Music » Homespun

Mike Herr Bids Farewell to St. Louis with New EP, Continual Debrief

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When caught by phone on a Wednesday afternoon, Mike Herr is still getting adjusted to his new living conditions in Texas. He and his girlfriend moved to the state's capital just a few days prior; Herr is pursuing his MFA in fiction writing at the University of Texas, Austin.

"The move was long and semi-stressful, but we made it safely and are getting settled in," Herr says.

Herr made his name in St. Louis' noise and underground music scenes as a rare triple-threat: He has played drums for spazz-pop weirdos Demonlover and heavy rock band Kisser; he has written artfully and thoughtfully about music for outlets like KDHX.org and the now-defunct Eleven; and along with Luc Michalski and Pat Boland, he conceived of and booked the earliest incarnations of Pu Fest, the weekend-long DIY showcase that started as a playful rejoinder to LouFest and is now in its fourth year.

Save for an undergraduate year in Chicago, Herr has lived his whole life in St. Louis. So before decamping to Austin, he did something he had never done before: He released a four-song EP, Continual Debrief, under his own name. On it, Herr commits to tape what has long been a staple of his solo shows as he performs largely unadorned at his drum kit. Aside from some light synth underpinning, Debrief is a study in percussion.

It may help to think of the EP more as "solo drums" rather than "drum solos" — Herr builds, modulates and abandons beats as he goes, often pairing simple structures with increasingly complex and erratic additions. Opening track "Glyphs Along the Roadside" never abandons its anchoring four-on-the-floor bass drum beat — it ebbs, flows and gets kicked into double-time, though — and Herr layers clattering cymbals and bongo-esque toms at scattered intervals.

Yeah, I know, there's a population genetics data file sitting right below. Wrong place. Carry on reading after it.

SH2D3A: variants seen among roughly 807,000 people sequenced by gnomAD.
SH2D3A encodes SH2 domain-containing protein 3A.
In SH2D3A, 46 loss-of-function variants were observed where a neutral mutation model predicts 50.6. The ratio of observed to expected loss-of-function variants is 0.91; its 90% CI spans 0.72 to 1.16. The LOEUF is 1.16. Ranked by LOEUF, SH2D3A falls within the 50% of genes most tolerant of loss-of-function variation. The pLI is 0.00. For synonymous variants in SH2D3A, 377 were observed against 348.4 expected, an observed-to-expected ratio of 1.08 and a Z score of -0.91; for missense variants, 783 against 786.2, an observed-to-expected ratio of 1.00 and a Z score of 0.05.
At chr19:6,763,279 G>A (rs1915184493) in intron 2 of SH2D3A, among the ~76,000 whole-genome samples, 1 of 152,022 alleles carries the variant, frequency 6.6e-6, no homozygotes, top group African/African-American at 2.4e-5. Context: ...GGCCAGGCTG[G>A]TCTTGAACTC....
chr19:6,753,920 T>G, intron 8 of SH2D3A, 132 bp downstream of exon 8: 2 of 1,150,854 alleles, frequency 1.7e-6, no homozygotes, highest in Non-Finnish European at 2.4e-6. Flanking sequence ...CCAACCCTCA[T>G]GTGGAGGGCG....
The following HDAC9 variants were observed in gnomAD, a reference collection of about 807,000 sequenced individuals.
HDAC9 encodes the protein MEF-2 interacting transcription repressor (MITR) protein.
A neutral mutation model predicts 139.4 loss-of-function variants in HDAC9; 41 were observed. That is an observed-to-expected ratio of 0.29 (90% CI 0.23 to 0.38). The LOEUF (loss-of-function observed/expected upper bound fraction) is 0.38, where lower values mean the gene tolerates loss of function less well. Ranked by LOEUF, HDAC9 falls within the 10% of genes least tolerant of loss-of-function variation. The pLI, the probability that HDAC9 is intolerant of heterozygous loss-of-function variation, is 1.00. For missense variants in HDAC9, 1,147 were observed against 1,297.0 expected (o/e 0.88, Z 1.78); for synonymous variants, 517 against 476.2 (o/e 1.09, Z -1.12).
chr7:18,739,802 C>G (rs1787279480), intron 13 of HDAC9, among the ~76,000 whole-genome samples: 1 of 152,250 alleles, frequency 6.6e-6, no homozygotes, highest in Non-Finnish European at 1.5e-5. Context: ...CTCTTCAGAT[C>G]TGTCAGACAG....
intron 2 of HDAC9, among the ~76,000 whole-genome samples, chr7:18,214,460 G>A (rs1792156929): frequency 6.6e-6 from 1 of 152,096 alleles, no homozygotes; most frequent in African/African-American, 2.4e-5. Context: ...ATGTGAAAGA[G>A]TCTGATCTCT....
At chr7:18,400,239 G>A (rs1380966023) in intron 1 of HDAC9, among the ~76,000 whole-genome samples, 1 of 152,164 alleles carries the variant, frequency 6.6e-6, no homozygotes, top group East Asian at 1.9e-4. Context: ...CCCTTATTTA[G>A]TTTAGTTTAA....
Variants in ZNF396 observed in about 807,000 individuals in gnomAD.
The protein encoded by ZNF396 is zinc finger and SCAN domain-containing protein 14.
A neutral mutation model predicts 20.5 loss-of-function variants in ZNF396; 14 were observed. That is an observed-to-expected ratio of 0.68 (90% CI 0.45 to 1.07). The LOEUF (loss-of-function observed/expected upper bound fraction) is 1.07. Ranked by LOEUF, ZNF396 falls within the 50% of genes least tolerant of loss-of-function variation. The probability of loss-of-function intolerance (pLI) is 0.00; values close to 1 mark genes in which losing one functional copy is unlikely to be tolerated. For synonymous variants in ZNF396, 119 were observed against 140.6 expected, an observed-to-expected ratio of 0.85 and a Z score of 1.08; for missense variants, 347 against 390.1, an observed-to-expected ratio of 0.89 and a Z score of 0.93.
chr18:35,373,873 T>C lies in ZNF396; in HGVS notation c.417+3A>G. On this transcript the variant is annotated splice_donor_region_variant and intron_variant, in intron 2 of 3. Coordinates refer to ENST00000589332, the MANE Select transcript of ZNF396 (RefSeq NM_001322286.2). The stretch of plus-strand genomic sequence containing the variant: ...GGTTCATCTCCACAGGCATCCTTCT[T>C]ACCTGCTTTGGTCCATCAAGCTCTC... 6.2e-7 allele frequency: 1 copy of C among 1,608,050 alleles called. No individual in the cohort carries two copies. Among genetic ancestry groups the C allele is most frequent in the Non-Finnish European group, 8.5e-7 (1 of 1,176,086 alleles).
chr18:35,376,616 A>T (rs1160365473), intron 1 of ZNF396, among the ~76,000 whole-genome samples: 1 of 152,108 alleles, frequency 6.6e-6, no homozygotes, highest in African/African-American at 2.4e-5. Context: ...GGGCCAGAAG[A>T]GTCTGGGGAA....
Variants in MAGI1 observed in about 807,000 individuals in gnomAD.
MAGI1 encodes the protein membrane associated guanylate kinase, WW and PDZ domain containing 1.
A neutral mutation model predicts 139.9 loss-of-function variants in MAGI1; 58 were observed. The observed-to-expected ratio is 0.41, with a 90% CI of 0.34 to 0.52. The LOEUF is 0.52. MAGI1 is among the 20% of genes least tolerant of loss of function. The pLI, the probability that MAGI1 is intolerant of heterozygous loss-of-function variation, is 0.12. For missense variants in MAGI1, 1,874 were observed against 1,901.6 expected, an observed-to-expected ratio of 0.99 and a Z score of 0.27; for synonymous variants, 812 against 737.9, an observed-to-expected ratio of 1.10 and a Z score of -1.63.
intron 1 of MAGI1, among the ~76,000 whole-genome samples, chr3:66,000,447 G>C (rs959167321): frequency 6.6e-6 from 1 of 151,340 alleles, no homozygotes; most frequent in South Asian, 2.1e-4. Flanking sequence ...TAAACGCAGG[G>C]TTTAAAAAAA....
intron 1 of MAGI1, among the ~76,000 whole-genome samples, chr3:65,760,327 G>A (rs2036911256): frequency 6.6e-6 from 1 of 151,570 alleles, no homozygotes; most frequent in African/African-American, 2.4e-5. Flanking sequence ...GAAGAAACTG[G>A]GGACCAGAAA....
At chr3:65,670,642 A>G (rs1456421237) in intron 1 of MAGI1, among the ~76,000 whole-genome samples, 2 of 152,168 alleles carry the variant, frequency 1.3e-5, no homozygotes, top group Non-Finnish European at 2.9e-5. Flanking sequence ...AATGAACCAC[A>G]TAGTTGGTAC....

As the track ends, the low, fluttering pulses of a synthesizer take over, triggered by Herr's drums and manipulated as he plays. That sub-bass sound carries neatly over into the break-beat beginnings of "All-Nite Car Wreck Dance," and Herr crafts a groove that subtly loosens and tightens, as if the drummer is gradually falling in and out of phase with himself.

Herr describes his compositional process as, ultimately, dependent on "feel" — both that elusive, groove-music byword for internalizing a beat as well as the emotional, feelings-centered counterpart.

"This is totally a cliche but all of it feels very organic because I don't write or read music," says Herr. "If I have a show in two weeks, I'll try to go off an emotion — 'I want it to have an anxious feeling.' I'll fuck around on the drums until I get a beat or fluctuating pattern that feels good for that show."

From there, Herr used a combination of kismet and documentation to select his rhythms for this release. The shows, he says, never go quite as planned, but using field recordings of his performances, he can hear, select and edit the best bits and corral them into slightly more manageable pieces (half of these songs push the ten-minute mark; the other half are more than five minutes long).

Continual Debrief was recorded in February in what Herr describes as a "bare-bones process," but he sat on releasing it for a few months. When he booked a midsummer show at the William Kerr Foundation — what would informally be his farewell-to-St. Louis show — the timing felt right.

"It was definitely important for me to get something out before I left town," Herr says. "I just think the St. Louis music scene is extremely special. St. Louis is definitely strange and hard to get your finger on the weird rhythms of it. "

While Herr notes some key differences between his new city and his home town ("In Austin we're paying twice the rent for half the space," he says with a laugh), he says that the move didn't come with the expected pangs of separation. And as a musician and denizen of underground art scenes, Herr hopes that the promise of Austin's creative community will hold his interest.

"I actually felt totally ready and not nostalgic at all," he says of the transition. "I think because I've been gearing up for getting out of St. Louis for so long, I felt very, very ready to do it. That said, I am extremely excited for the challenge of infiltrating a new music and art scene, when I have the time. I like the challenge and the freedom to go to a show and literally not know anyone; I miss that."

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